How do you tell if a mud crab is reproductively mature? And why do you need to know this?
WCS intern, Mildred Kelokelo, based in Kavieng, has just completed a month’s training acquiring skills in methods for the rapid reproductive analysis of reef fishes and invertebrates with her work focusing on mud crabs.
Mildred was part of the 2015 Bishop Museum’s Pacific Biological Survey (PBS) program that was conducted from 9th March to 3rd April at Nago Island Mariculture and Research Facility in Kavieng, New Ireland Province.
The PBS program was a training opportunity for fishery researchers and managers to undertake and learn methods in “jungle histology”: a rapid, low-cost, on-site, histology-based reproductive analysis that require minimal equipment.
This program involved four participants. Mildred was the only female among the three fisheries specialists from US-associated Pacific Island region nations.
For a recent graduate in the field of Fisheries and Marine Resources, Mildred felt privileged to have attended the training with some of the Pacific’s fisheries experts. She added that working with them has given her the opportunity to learn from their knowledge and field work.
“It was a great experience for me”, she said, “I have gained research skills and knowledge in crab and reef fish reproductive methods and how to analyse and interpret data.”
The participants were involved in examining the length-weight relationships, size-at-maturity, reproductive mode, size-specific sex ratios, size-fecundity relationships and reproductive periodicity of five different species.
Bishop Museum’s recent innovations have enabled reproductive information to be generated quickly, with minimal gear and cost. This has the potential to eliminate previous impediments to broad-scale reproductive analysis of Pacific coral-reef fishes.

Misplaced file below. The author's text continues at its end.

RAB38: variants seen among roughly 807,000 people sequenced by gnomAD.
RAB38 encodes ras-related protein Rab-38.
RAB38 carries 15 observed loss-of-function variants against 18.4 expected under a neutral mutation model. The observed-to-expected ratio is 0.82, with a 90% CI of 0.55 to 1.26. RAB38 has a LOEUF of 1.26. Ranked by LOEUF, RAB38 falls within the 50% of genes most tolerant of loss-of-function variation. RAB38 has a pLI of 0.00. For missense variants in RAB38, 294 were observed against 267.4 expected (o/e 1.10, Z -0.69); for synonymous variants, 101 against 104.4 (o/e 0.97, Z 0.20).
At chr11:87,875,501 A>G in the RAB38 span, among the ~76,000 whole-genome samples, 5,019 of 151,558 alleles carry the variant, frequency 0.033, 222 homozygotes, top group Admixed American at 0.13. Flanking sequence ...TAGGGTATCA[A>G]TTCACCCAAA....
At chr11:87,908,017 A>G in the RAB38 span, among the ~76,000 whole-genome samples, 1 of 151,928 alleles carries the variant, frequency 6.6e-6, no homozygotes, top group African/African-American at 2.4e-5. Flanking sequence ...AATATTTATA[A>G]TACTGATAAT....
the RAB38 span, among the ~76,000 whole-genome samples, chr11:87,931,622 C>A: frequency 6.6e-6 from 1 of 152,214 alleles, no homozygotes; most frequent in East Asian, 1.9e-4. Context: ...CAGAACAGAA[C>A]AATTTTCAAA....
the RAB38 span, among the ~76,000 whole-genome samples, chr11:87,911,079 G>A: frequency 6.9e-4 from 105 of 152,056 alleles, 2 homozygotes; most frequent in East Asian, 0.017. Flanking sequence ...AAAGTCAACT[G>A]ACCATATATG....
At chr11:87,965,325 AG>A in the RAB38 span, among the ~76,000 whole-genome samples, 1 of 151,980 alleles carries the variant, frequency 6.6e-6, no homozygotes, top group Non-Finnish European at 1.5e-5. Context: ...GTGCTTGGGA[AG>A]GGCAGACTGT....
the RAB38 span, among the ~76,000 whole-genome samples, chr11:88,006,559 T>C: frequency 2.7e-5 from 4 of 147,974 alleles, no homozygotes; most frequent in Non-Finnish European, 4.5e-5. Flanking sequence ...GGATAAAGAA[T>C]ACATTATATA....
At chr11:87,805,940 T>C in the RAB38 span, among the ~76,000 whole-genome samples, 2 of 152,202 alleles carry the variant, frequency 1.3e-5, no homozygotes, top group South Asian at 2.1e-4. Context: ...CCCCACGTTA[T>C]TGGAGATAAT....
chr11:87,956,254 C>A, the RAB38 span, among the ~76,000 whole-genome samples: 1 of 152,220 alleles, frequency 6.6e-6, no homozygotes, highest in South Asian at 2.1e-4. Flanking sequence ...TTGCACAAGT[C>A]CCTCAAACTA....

Mildred’s work focused on the reproduction of the mud crab Scylla serrata
, a species of great importance as a food resource and income source for communities and part of WCS’s programme to ensure sustainable small-scale fisheries in New Ireland Province.
“We need to know the size of maturity in mud crabs to ensure that communities do not collect immature animals before they have an opportunity to breed. Mature crabs must produce many eggs and young to ensure the sustainability of further crab harvesting,” she explained.
The outcome of her work during the course will help the WCS programme provide recommendations to local communities who are interested in the conservation and long-term harvest sustainability of mud crabs. Other management recommendations include not collecting ‘berried’ (crabs with developing eggs) female crabs.
Mildred’s attachment as an intern with the WCS New Ireland program is supported under the David and Lucile Packard Foundation funded project and this in-depth course provided further training and skills to her internship.